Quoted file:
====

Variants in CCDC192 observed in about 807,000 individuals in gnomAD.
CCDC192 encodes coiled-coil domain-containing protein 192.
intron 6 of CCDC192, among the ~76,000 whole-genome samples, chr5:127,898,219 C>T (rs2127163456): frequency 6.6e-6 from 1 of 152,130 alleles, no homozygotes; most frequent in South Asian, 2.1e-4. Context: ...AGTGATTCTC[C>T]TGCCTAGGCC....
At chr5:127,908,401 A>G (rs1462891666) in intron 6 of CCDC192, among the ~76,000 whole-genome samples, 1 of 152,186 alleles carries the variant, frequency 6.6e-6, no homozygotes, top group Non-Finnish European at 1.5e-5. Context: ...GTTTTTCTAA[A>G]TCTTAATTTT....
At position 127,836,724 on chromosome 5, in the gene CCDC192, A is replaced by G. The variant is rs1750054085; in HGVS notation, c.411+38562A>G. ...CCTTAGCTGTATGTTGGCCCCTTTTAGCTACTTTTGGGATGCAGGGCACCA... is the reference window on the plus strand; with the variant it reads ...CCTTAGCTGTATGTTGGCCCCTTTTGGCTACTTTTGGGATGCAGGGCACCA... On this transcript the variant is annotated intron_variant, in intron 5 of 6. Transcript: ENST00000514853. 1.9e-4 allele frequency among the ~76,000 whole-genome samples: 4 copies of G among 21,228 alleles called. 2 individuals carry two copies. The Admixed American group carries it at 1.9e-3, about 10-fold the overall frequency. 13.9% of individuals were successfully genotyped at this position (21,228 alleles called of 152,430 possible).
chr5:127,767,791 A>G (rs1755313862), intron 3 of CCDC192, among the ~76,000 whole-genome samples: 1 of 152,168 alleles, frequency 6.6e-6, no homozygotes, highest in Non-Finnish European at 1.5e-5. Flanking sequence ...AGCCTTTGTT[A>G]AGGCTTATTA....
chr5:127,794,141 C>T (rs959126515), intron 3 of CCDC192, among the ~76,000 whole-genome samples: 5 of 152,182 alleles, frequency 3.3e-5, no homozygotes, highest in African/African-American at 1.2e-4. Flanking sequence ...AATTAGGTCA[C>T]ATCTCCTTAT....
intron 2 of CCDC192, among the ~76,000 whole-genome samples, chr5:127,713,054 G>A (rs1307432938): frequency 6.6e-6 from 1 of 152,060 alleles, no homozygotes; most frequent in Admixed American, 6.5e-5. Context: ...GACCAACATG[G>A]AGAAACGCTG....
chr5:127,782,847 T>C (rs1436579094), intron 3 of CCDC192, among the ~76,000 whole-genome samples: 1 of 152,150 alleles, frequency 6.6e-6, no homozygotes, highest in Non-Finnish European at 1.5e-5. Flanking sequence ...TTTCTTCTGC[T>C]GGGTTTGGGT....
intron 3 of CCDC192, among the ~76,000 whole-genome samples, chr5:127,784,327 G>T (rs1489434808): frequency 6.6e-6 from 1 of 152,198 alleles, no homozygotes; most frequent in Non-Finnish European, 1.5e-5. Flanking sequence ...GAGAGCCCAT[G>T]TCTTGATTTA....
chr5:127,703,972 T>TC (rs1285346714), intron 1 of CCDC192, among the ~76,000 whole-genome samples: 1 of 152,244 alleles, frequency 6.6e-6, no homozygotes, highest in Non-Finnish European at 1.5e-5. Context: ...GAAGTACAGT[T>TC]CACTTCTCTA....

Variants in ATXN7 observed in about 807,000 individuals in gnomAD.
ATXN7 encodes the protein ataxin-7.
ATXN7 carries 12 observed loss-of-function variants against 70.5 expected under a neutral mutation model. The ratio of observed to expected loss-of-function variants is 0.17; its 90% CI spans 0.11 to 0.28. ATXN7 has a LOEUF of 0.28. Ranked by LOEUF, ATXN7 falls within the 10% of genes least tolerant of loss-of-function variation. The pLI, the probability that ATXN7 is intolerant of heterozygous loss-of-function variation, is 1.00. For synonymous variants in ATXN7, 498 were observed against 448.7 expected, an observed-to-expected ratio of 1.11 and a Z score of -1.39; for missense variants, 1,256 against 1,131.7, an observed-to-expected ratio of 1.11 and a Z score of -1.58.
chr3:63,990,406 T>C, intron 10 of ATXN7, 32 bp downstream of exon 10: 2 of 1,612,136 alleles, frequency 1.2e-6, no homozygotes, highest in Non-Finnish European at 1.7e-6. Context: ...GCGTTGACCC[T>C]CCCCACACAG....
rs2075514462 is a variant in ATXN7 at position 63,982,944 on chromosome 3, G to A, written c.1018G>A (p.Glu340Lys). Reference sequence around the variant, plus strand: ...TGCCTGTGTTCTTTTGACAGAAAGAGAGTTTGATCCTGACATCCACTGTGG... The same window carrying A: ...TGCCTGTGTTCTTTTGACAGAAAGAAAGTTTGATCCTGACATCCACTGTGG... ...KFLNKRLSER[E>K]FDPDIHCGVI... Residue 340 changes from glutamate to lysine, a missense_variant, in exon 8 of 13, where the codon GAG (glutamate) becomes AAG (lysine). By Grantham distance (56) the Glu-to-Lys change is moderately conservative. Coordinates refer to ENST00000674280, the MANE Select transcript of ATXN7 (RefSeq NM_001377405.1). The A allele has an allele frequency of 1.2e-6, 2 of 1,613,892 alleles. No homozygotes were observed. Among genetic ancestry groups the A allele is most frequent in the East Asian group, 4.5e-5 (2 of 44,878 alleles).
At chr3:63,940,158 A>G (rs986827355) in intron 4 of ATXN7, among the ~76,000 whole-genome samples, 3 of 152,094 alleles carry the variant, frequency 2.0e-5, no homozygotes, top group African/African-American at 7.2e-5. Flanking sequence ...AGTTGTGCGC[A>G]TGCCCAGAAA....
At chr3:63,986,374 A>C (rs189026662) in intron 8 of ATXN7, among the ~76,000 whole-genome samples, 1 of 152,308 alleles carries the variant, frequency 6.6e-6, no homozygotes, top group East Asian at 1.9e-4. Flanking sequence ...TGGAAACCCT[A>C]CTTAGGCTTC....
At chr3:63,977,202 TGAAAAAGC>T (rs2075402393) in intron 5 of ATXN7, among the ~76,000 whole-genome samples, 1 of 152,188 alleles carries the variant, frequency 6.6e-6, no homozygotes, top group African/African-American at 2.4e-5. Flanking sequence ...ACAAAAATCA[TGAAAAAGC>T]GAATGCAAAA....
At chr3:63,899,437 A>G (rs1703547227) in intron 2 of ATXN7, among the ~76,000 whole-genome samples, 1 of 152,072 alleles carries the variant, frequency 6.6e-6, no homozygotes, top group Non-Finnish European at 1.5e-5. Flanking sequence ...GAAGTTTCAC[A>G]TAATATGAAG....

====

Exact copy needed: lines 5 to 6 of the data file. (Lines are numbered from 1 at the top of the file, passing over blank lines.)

At position 127,836,724 on chromosome 5, in the gene CCDC192, A is replaced by G. The variant is rs1750054085; in HGVS notation, c.411+38562A>G. ...CCTTAGCTGTATGTTGGCCCCTTTTAGCTACTTTTGGGATGCAGGGCACCA... is the reference window on the plus strand; with the variant it reads ...CCTTAGCTGTATGTTGGCCCCTTTTGGCTACTTTTGGGATGCAGGGCACCA... On this transcript the variant is annotated intron_variant, in intron 5 of 6. Transcript: ENST00000514853. 1.9e-4 allele frequency among the ~76,000 whole-genome samples: 4 copies of G among 21,228 alleles called. 2 individuals carry two copies. The Admixed American group carries it at 1.9e-3, about 10-fold the overall frequency. 13.9% of individuals were successfully genotyped at this position (21,228 alleles called of 152,430 possible).
chr5:127,767,791 A>G (rs1755313862), intron 3 of CCDC192, among the ~76,000 whole-genome samples: 1 of 152,168 alleles, frequency 6.6e-6, no homozygotes, highest in Non-Finnish European at 1.5e-5. Flanking sequence ...AGCCTTTGTT[A>G]AGGCTTATTA....